And earlier in the war, the Germans were outnumbered by 3:1 in troops and 5:1 in tanks and didn't fall apart. In fact, they advanced.

Then look at how the Soviet's plan and operational executed this battle. Multiple opening in the front, deep armor penetrations, disruption of C&C, artillery lines, rapid follow up by infantry, and creating multiple mini-pockets rather than one large pocket. The Soviets weren't as good as the Germans in 41, but they a damn site better than the Germans in 43.

So something changed - either the Germans got worse, the Soviets got better, or both. And the numbers show it:

Exact German losses are unknown, but newer research indicates around 400,000 KIA or captured. Soviet losses were also substantial, with 180,000 killed and missing, 591,000 wounded. Of the wounded, approximately 40% return to service within 90 days, another 30% in 6 months and no information on the remaining 30%.

That loss ratio is one of the best in the war for an Allied attacking force.

Strategically, Germany totally misread the situation. The Germans believed, despite intelligence to the difference, that the attack would be in Army Group South. And they placed their best and largest concentration of mech troops there. So when the attack came, the German's literally had minimum mech reserves - the primary mech forces neutralized by Soviet misdirection to the south - and had move to a horse drawn army - as the 44 infantry division was less mobile than the 41 division. And even if Hitler had the mobile forces from the West, there is no reason to believe he would have placed them behind AGC.

And even if you could have some of the units from Italy, Norway, Holland, and France, you could never have moved all of them even if the Allied invasion didn't happen in France.

The Germans estimated that they would need at least 20-30 divisions to garrison Italy after it surrendered even if the Allies hadn't invaded - which was about what they committed in Italy.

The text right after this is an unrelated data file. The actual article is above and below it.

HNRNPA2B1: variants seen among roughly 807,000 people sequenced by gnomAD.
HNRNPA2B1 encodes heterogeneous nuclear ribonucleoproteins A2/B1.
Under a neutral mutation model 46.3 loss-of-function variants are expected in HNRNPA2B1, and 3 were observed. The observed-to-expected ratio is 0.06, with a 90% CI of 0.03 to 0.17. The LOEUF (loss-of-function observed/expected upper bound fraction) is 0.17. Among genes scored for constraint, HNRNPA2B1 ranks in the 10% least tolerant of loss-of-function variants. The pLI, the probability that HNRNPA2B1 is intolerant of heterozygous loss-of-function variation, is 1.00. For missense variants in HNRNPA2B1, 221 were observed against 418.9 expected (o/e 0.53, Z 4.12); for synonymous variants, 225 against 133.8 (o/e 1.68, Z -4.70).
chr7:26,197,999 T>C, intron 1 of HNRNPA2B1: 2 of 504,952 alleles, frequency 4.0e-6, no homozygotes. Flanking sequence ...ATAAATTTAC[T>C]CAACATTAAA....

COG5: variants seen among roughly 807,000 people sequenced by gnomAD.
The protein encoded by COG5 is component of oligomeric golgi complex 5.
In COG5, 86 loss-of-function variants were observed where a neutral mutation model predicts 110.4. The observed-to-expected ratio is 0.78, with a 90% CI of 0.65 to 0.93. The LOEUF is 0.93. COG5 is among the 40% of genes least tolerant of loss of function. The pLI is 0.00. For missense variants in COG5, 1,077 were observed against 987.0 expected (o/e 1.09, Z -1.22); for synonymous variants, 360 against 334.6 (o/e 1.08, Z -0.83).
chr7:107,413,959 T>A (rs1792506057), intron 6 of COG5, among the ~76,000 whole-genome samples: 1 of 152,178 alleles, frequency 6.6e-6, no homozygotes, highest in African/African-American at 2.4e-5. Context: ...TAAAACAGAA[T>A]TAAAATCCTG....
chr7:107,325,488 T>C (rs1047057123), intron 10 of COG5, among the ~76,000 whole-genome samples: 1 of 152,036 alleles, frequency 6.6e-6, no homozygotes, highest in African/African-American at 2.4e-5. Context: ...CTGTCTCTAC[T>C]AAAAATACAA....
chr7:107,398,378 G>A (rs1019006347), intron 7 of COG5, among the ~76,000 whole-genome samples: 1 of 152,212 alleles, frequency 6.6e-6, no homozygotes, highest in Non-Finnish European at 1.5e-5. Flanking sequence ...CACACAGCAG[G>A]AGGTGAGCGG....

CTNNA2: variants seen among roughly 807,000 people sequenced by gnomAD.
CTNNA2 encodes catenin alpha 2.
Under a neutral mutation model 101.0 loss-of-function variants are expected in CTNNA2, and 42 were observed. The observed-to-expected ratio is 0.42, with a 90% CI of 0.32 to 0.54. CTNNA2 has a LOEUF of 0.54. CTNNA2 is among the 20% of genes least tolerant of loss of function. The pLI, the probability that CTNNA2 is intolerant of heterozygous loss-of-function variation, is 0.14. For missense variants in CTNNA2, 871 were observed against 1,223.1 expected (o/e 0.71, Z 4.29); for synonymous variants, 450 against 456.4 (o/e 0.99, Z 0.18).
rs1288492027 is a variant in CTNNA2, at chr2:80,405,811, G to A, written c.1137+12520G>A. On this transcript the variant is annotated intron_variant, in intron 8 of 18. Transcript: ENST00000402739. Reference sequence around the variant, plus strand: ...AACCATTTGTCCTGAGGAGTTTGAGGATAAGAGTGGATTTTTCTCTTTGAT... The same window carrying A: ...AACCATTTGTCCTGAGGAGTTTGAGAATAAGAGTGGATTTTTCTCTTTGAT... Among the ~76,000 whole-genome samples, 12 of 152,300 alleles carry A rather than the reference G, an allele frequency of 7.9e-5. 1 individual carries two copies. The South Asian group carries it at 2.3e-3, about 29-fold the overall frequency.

In France, while most of the infantry division were second class - and immobile for the most part - German planning believed it needed at 60-70 division just to garrison the country. Even without an invasion.

I haven't seen studies on Holland, Belgium or Lux so can't comment.

Norway required between five and ten divisions - and even then, the resistance caused major problems especially with resource shipments south.

So your looking, at best, in transferring 10-15 divisions, and most of those wouldn't have been mobile. And, as pointed out earlier, there is no reason to believe that Hitler would not concentrated these in the south with the rest of the armor. AGC was regarded as a low priority until it fell.

Finally, Germany didn't have much of a gas stockpile at that time. Fighting a long mobile battle would be a major issue. Contingency planning in the south was extremely pessimistic for the reason. Even with the armor, no gas.

So no, even without the Allied landing, the Soviets has taken charge of the East Front. And they were going to roll into Berlin at stage of the war.




76mm -> RE: Documentary operation Bagration (9/26/2012 5:00:49 PM)

quote:

Moving all units in italy norrway france and holland would mean the 44 offensive on east front would never happened as the big b reakthroughs would been plugged by armoured spearheads of german army easy.


Thus leaving the Western Front completely undefended? Doesn't that present its own issues?




turtlefang -> RE: Documentary operation Bagration (9/27/2012 3:34:54 PM)

I just assumed the France and Italy hadn't been invaded. Even without the invasion, Germany had to occupy those countries just to keep the population in line and the "supplies" flowing.

It wouldn't have freed up the proposed force to redeploy to the East Front.